Noise from offshore oil and gas surveys can affect whales up to 3km away



File 20170817 16245 4ucjdu
Migrating humpback whales avoid loud, nearby sounds.
BRAHSS, Author provided

Rebecca Dunlop, The University of Queensland and Michael Noad, The University of Queensland

Air guns used for marine oil and gas exploration are loud enough to affect humpback whales up to 3km away, potentially affecting their migration patterns, according to our new research.

Whales’ communication depends on loud sounds, which can travel very efficiently over distances of tens of kilometres in the underwater environment. But our study, published today in the Journal of Experimental Biology, shows that they are affected by other loud ocean noises produced by humans.

As part of the BRAHSS (Behavioural Response of Humpback whales to Seismic Surveys) project, we and our colleagues measured humpback whales’ behavioural responses to air guns like those used in seismic surveys carried out by the offshore mining industry.


Read more: It’s time to speak up about noise pollution in the oceans


Air guns are devices towed behind seismic survey ships that rapidly release compressed air into the ocean, producing a loud bang. The sound travels through the water and into the sea bed, bouncing off various layers of rock, oil or gas. The faint echoes are picked up by sensors towed by the same vessel.

During surveys, the air guns are fired every 10-15 seconds to develop a detailed geological picture of the ocean floor in the area. Although they are not intended to harm whales, there has been concern for many years about the potential impacts of these loud, frequent sounds.

Sound research

Although it sounds like a simple experiment to expose whales to air guns and see what they do, it is logistically difficult. For one thing, the whales may respond to the presence of the ship towing the air guns, rather than the air guns themselves. Another problem is that humpback whales tend to show a lot of natural behavioural variability, making it difficult to tease out the effect of the air gun and ship.

There is also the question of whether any response by the whales is influenced more by the loudness of the air gun, or how close the air blast is to the whale (although obviously the two are linked). Previous studies have assumed that the response is driven primarily by loudness, but we also looked at the effect of proximity.

We used a small air gun and a cluster of guns, towed behind a vessel through the migratory path of more than 120 groups of humpback whales off Queensland’s sunshine coast. By having two different sources, one louder than the other, we were able to fire air blasts of different perceived loudness from the same distance.

We found that whales slowed their migratory speed and deviated around the vessel and the air guns. This response was influenced by a combination of received level and proximity; both were necessary. The whales were affected up to 3km away, at sound levels over 140 decibels, and deviated from their path by about 500 metres. Within this “zone”, whales were more likely to avoid the air guns.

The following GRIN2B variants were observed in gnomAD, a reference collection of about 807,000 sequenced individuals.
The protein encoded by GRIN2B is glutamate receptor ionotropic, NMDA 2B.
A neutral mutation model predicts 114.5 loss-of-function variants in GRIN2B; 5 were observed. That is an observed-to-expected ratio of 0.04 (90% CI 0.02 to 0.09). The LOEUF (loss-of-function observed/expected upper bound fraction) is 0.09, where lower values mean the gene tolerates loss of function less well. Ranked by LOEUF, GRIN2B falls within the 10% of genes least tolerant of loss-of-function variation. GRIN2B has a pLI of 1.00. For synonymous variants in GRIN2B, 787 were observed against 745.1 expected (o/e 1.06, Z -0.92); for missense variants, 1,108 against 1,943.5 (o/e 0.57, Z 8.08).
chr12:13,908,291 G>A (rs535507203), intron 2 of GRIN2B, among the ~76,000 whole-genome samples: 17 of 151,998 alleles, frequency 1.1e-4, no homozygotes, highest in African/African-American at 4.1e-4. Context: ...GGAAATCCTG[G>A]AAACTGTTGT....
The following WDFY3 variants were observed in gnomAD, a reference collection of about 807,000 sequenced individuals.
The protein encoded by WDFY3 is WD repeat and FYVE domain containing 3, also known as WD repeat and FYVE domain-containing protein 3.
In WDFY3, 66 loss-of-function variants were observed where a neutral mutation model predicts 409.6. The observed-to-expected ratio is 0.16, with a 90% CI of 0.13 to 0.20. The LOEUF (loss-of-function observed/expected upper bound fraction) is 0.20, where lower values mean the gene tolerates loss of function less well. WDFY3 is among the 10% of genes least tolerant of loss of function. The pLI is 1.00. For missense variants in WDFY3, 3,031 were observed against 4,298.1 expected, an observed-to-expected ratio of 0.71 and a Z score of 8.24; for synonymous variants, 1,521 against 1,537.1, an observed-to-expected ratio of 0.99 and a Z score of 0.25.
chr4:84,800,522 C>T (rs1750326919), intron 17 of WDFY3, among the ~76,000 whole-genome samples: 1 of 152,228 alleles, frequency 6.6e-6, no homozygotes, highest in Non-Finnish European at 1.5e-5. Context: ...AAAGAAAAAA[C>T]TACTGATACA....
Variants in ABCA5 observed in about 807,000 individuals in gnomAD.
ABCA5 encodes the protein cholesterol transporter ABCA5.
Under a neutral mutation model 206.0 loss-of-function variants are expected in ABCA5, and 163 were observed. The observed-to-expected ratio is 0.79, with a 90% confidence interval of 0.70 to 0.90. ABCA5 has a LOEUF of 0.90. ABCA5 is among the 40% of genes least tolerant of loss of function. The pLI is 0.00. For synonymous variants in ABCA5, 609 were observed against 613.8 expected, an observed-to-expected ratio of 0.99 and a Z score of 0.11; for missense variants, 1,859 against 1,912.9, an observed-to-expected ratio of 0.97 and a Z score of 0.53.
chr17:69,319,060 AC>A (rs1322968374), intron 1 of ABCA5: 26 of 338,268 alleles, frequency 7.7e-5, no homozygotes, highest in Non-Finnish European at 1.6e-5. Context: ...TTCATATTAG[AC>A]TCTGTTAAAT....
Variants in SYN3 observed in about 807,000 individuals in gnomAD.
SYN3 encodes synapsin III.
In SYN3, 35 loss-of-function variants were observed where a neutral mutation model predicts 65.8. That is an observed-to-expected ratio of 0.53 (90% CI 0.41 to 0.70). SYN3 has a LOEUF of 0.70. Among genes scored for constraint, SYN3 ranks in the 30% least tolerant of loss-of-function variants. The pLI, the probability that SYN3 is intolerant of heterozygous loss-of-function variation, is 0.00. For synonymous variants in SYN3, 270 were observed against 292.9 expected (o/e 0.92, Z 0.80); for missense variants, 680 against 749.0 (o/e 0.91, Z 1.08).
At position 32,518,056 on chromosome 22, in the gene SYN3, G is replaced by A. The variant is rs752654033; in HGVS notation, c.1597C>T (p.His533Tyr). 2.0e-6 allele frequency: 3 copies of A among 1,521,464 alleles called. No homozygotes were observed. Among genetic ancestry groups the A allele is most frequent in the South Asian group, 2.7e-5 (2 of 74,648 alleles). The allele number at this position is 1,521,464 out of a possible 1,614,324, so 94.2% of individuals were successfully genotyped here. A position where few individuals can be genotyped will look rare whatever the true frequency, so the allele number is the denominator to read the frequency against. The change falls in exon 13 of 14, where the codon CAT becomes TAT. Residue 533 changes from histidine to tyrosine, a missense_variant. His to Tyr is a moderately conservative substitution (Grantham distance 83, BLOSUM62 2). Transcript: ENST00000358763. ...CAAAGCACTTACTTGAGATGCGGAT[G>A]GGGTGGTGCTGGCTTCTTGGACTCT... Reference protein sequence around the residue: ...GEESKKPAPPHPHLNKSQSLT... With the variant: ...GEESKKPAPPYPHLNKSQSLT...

Each tested group moved as one, but our analysis did not include the effects on different group types, such as a female with calf versus a group of adults, for instance.

The ConversationOur results suggest that when regulating to reduce the impact of loud noise on whale behaviour, we need to take into account not just how loud the noise is, but how far away it is. More research is needed to find out how drastically the whales’ migration routes change as a result of ocean mining noise.

Rebecca Dunlop, Senior Lecturer in Physiology, The University of Queensland and Michael Noad, Associate Professor, The University of Queensland

This article was originally published on The Conversation. Read the original article.

Climate change is a financial risk, according to a lawsuit against the CBA


Anita Foerster, University of Melbourne and Jacqueline Peel, University of Melbourne

The Commonwealth Bank of Australia has been in the headlines lately for all the wrong reasons. Beyond money-laundering allegations and the announcement that CEO Ian Narev will retire early, the CBA is now also being sued in the Australian Federal Court for misleading shareholders over the risks climate change poses to their business interests.

This case is the first in the world to pursue a bank over failing to report climate change risks. However, it’s building on a trend of similar actions against energy companies in the United States and United Kingdom.


Read more: Why badly behaving bankers will never fear jail time


The CBA case was filed on August 8, 2017 by advocacy group Environmental Justice Australia on behalf of two longstanding Commonwealth Bank shareholders. The case argues that climate change creates material financial risks to the bank, its business and customers, and they failed in their duty to disclose those risks to investors.

This represents an important shift. Conventionally, climate change has been treated by reporting companies merely as a matter of corporate social responsibility; now it’s affecting the financial bottom line.

What do banks need to disclose?

When banks invest in projects or lend money to businesses, they have an obligation to investigate and report to shareholders potential problems that may prevent financial success. (Opening a resort in a war zone, for example, is not an attractive proposition.)

However, banks may now have to take into account the risks posed by climate change. Australia’s top four banks are heavily involved in fossil-fuel intensive projects, but as the world moves towards renewable energy those projects may begin to look dubious.